What is the central idea of "Sweetest Love, I Do Not Goe"?

Expert Answers
thanatassa eNotes educator| Certified Educator

"Sweetest Love, I Do Not Goe" by John Donne is a love poem grounded in a deeply religious sensibility. The poem is addressed by a male narrator to a female beloved. The poem begins conventionally, with the narrator explaining that his travel is necessary and not evidence of lack of love. It metaphorically compares separation to a sort of temporary death, and pleads that the beloved not weep or show sorrow, or be afraid that he will be somehow injured, as he will be motivated to return quickly. He reassures her that he will be as constant as the sun that disappears each night but reliably returns the next morning.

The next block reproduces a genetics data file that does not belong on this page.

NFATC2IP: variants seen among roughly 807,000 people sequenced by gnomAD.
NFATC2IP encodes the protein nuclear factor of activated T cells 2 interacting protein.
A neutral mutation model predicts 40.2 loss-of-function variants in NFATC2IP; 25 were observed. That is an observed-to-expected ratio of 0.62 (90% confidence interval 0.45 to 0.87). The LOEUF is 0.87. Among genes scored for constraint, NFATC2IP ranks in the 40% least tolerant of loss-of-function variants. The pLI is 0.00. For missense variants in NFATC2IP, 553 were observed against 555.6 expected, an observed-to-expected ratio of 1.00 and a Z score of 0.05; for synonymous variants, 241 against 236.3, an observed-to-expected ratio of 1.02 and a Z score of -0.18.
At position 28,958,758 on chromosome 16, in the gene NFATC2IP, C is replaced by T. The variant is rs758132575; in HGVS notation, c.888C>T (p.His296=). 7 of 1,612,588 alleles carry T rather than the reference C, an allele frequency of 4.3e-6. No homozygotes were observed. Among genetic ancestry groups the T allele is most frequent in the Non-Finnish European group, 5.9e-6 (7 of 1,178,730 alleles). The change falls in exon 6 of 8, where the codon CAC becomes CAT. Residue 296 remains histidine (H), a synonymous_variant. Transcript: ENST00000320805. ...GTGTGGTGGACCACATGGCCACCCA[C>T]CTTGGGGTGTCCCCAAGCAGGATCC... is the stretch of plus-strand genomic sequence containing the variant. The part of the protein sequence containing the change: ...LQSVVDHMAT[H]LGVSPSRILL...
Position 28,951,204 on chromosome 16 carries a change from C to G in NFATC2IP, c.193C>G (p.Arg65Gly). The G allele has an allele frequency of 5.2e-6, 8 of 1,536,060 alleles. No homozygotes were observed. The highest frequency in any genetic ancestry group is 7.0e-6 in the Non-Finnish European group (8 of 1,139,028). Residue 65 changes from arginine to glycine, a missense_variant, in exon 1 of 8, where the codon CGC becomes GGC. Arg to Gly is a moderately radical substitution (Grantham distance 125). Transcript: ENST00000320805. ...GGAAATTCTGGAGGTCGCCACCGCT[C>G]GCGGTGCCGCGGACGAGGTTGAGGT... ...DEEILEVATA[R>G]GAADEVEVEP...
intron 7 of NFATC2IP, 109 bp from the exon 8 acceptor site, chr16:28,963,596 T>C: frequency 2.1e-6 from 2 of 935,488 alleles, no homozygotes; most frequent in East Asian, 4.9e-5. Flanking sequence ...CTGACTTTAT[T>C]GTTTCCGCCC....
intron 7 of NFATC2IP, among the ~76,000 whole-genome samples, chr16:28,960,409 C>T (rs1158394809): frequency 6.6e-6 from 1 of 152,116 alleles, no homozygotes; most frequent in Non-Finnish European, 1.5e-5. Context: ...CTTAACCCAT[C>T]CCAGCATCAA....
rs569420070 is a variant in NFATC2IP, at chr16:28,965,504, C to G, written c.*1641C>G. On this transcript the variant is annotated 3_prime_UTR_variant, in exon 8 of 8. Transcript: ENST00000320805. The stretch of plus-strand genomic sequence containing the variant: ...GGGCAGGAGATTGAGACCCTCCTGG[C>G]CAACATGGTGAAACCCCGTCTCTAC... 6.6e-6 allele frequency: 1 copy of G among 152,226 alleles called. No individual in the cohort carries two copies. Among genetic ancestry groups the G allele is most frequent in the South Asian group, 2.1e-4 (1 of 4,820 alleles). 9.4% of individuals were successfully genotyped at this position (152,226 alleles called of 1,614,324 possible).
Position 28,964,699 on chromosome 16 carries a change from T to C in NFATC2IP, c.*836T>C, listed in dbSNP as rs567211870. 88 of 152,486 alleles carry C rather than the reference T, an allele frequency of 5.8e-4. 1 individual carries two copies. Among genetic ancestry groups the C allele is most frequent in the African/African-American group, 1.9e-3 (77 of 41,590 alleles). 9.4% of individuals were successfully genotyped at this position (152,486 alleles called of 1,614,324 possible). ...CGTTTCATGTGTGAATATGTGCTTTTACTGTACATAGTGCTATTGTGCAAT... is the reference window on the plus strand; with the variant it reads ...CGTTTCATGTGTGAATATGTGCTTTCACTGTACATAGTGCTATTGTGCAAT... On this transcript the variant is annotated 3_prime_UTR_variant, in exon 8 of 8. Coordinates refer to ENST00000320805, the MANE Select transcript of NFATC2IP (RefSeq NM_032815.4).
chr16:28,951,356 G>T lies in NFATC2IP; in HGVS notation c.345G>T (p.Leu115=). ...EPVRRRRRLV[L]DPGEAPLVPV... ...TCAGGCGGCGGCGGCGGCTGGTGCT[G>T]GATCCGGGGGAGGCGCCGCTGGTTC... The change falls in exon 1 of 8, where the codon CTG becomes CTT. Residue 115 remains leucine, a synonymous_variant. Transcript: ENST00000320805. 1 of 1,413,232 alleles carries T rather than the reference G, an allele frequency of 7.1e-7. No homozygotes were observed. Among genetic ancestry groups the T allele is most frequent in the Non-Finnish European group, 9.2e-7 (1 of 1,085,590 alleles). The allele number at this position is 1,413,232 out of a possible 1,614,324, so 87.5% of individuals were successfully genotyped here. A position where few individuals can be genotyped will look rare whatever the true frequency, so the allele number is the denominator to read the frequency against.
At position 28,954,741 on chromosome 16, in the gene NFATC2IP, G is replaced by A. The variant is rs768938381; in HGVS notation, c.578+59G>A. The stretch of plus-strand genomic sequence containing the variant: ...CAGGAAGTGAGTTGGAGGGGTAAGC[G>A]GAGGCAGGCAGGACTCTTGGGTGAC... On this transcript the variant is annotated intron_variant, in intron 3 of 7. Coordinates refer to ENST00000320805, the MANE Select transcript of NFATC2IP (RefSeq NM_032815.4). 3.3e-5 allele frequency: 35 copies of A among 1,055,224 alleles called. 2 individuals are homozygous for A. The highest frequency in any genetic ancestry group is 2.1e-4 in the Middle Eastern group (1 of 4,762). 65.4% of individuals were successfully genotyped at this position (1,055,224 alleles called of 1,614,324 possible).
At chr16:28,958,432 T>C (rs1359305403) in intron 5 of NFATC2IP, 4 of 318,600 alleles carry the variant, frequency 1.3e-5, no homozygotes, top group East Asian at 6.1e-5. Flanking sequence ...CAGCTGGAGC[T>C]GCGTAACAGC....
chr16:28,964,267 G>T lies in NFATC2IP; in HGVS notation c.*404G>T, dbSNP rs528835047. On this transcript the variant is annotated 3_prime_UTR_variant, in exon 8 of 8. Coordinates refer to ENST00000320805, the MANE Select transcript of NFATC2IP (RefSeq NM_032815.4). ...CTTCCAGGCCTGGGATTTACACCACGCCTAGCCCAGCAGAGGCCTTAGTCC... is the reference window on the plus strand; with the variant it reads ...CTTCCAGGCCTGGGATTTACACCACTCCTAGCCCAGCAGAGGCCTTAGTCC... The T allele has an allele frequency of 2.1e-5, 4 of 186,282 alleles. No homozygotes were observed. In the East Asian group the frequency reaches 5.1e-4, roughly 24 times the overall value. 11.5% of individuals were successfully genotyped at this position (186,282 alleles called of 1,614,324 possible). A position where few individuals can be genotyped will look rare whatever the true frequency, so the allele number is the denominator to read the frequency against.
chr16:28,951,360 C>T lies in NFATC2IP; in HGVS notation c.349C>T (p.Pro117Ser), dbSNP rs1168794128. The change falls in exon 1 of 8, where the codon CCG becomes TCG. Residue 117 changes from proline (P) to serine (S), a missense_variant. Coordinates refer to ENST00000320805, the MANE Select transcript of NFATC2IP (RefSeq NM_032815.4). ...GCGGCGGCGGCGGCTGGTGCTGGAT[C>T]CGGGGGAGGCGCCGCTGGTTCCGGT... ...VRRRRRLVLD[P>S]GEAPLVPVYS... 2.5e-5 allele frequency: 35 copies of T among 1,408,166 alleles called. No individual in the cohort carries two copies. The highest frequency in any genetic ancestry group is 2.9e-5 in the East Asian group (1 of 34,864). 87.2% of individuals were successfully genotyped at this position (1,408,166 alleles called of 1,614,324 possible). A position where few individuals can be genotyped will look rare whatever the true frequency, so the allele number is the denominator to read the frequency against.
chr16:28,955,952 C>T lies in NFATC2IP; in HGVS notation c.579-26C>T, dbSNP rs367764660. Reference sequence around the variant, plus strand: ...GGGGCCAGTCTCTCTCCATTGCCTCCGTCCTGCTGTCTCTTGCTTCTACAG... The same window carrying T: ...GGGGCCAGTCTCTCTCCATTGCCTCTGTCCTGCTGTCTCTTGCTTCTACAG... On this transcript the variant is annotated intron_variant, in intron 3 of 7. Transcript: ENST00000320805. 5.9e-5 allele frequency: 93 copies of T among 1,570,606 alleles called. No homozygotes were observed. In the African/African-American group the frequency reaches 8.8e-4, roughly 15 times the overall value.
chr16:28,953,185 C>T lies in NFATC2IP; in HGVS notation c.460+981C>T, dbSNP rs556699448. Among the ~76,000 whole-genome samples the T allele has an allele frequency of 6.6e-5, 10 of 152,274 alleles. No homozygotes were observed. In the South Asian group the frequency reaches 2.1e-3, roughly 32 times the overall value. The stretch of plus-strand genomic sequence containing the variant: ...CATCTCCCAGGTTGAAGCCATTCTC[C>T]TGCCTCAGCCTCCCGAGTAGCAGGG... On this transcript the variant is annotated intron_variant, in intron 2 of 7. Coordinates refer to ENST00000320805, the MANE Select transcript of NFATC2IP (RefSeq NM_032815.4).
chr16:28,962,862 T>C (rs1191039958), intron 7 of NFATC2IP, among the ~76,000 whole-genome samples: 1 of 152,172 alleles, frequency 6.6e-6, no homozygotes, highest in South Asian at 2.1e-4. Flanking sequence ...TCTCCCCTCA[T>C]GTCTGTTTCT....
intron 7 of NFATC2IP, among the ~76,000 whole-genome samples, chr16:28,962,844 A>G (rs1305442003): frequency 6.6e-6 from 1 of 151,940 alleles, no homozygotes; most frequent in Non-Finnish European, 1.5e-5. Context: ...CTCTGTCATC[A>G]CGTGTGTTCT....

What the first four stanzas set up though is a more profound notion that those who are truly in love while alive are not parted in death, but rather end up together in Heaven. Thus the central idea of the poem is that even if he dies on his journey, that is not something to fear, as true lovers will always be together in spirit. 

Read the study guide:
Sweetest Love, I Do Not Goe

Access hundreds of thousands of answers with a free trial.

Start Free Trial
Ask a Question